The book is Weekenders: Adventures in Calcutta, a collection of short stories, sold to raise funds for Unicef's child-protection work in India, and based on a trip to Calcutta undertaken by 11 of our finest writers, including Monica Ali, Irvine Welsh, Colm Toibin and, of course, Deedes. "My little story is around a family that seeks life in the city and gets caught up in the slum. My story is not important, you've got some very good authors in this book, all distinguished writers, except for me."
He appears to not just be modest to the point of self-disparagement, but to have an actual horror of any show of ego. He tells me that, at the dentist, he has to have every jab going because "I'm a terrible coward, you shee", and yet he had a heroic Second World War and won the Military Cross. He describes Margaret Thatcher as "quite out of my intellectual reach", which is fair enough, but why make a point of it? Was he really the bad editor of the Telegraph he says he was? Yes, he insists, he absolutely was. "I wasn't really an editor. Hartwell was the main brains of the place and in a sense I was chief steward to him. But don't forget, darling, because I was an indifferent editor you got your job." Cheers, mate.
How best to convey the sheer longevity of his career? That he first joined the Morning Post in 1931? That, alongside Evelyn Waugh (who later used Deedes as the model for William Boot in his comic masterpiece Scoop) he covered Mussolini's invasion of Abyssinia? That he served as a cabinet minister in the Macmillan government? Or that he has met every prime minister of the last 75 years? Who, I ask, has been the least impressive? "Ah," he says. "You are aiming for me to say John Major." I am not, I say, although of course I am, but he's outwitted me, the crafty old devil. "John had a very difficult role and so I'm not going to say him. I'm going to cheat you because I'm old enough to remember the PM before Stanley Baldwin and he wasn't impressive. Can't recall his name. Look him up." I do. It is Andrew Bonar Law, possibly the one PM of the last 85 years that no one has ever heard of. Crafty old devil.
I ask what his earliest memory might be. He says he grew up in Saltwood Castle, "where Alan Clark finished up", and he can remember "being on the roof, and watching two German war planes caught in the arc of the searchlights. Must have been five. Bits of the First World War are among my earliest memories. My nanny used to hum all the current soldier songs like 'It's a Long Way to Tipperary' and I learnt all those." Did you always have the same nanny? "Now, you mustn't put this in. It'll sound as if I was a nob. But I had a nanny and the nanny had a nanny's maid." So hard to get these days, nanny maids. "Yes, yes. My nanny was Ethel. Ethel was booked three months before I was born and remained in my life till the end of her days. She only died a few years ago at 102, so I can't have been that bad, can I? My father had an income of £900 a year from the estate and on that he could afford to have a nanny and a nanny's maid, cook, two maids, and two in the garden. How's that? Those were the days, dear, those were the days. No, they weren't the days. Things were very unequal. There were a lot of poor people. None the less, if you lived at that end, it was nice."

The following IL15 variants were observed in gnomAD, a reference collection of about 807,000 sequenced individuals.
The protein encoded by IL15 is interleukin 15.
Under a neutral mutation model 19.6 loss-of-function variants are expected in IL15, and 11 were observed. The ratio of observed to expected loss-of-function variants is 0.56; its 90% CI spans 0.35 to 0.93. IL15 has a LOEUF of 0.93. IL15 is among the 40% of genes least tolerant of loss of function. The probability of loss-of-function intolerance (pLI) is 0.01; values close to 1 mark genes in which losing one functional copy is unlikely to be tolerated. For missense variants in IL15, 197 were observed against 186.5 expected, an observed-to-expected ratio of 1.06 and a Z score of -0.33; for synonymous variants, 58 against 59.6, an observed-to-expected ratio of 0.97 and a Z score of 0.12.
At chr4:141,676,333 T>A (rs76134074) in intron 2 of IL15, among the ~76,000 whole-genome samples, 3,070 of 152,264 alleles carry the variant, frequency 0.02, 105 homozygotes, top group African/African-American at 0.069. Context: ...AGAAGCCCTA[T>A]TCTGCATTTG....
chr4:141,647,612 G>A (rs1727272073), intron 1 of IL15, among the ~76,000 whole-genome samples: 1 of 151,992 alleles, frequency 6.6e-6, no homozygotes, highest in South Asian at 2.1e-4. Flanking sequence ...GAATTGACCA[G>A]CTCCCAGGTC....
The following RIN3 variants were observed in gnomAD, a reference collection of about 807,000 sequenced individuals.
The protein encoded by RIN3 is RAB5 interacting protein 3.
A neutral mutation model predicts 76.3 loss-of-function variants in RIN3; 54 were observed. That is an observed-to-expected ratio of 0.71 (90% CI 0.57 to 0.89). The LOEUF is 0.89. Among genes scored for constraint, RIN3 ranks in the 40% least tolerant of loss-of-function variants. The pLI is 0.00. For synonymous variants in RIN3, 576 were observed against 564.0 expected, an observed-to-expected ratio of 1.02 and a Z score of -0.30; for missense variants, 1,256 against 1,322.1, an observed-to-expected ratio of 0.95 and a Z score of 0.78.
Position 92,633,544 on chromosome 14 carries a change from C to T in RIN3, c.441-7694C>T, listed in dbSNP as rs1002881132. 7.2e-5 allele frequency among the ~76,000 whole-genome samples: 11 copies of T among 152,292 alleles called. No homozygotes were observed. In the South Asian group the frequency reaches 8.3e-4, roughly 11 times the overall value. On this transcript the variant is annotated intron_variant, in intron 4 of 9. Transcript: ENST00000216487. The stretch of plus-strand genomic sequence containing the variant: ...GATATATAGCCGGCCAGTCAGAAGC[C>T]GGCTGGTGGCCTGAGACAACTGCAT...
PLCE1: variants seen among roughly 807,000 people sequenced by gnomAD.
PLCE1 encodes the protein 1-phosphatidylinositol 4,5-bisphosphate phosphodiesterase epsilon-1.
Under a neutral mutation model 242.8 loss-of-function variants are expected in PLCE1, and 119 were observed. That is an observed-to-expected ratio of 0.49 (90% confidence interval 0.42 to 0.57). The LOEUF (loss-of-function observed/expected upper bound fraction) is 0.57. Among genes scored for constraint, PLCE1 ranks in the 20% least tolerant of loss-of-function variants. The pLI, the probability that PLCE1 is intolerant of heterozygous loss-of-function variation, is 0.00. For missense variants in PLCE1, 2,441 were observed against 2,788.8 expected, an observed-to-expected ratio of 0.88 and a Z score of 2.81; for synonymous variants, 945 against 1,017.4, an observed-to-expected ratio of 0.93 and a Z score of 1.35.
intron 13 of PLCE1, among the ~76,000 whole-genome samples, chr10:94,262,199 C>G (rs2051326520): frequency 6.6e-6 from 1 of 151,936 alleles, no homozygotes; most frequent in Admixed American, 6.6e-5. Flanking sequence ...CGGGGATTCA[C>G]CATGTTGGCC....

Do you think society is more equal now? "Oh, a lot has been done to level things up, for goodness sake. Every now and again without buying anything - or I buy something small so as not to look a thief - I go into Tesco and look around at the barrows and the rest of it and then I think back to... I can remember Liverpool in '37 just after the whole cotton industry collapsed, and in those days a child was lucky to go to school with a slice of bread and jam on it."
His father, William, was an eccentric landowner and socialist who gave away much of his land and then went bust with the Wall Street crash of 1929. This meant Bill had to leave Harrow a year early. "The housemaster summoned me and said: 'I understand you are leaving at the end of term', so I said, 'News to me, sir'." He says, now, he is glad he left when he did. "I missed university, but the Morning Post was a marvellous university for me. By the time I would have been due to leave Oxford with a bad third I was really not a bad reporter."
I think, though, the experience might have affected him more than even he supposes. When I later say he strikes me as an unlikely Tory, in some ways, and an even less likely Thatcherite, what with his obvious concerns for humankind, he says: "Oh, I think my father got that [socialism] out the family system." Saltwood was sold for £12,000. Did you ever return when Alan lived there? "Alan would ring me up and say: 'Bill, what are you doing tonight? Cancel it all. Come here, there's a crisis.' The crisis was always Alan's suspicion that Heseltine was about to ditch Mrs T."
Does he still see Margaret? Sometimes, he says, in the House of Lords. She, too, misses Denis greatly, and is possibly quite lonely. "You have to remember that both her children live overseas. If you say anything about this, put it gently, but I always feel that Margaret is sadly without some of the compensations which, when you get older, you enjoy through your children and grandchildren." Do you ever feel lonely? "Do I ever...?" Feel lonely? "...feel lonely?" He is astonished by the question. "Never. Gracious me! Now, what's the time? Golly, my secretary is going to be on my tail."
I doubt he ever does feel lonely. Or bored. So much to do. So much to see. Too many golfballs to hit in his garden. He's not only a first-rate writer, but also someone who has somehow never lost their sense of wonderment or curiosity or even innocence, in a way. He may be rather like me. [Shome mishtake shurley, if not shertainly... Ed]
'Weekenders: Adventures in Calcutta' is published by Ebury at £7.99Reuse content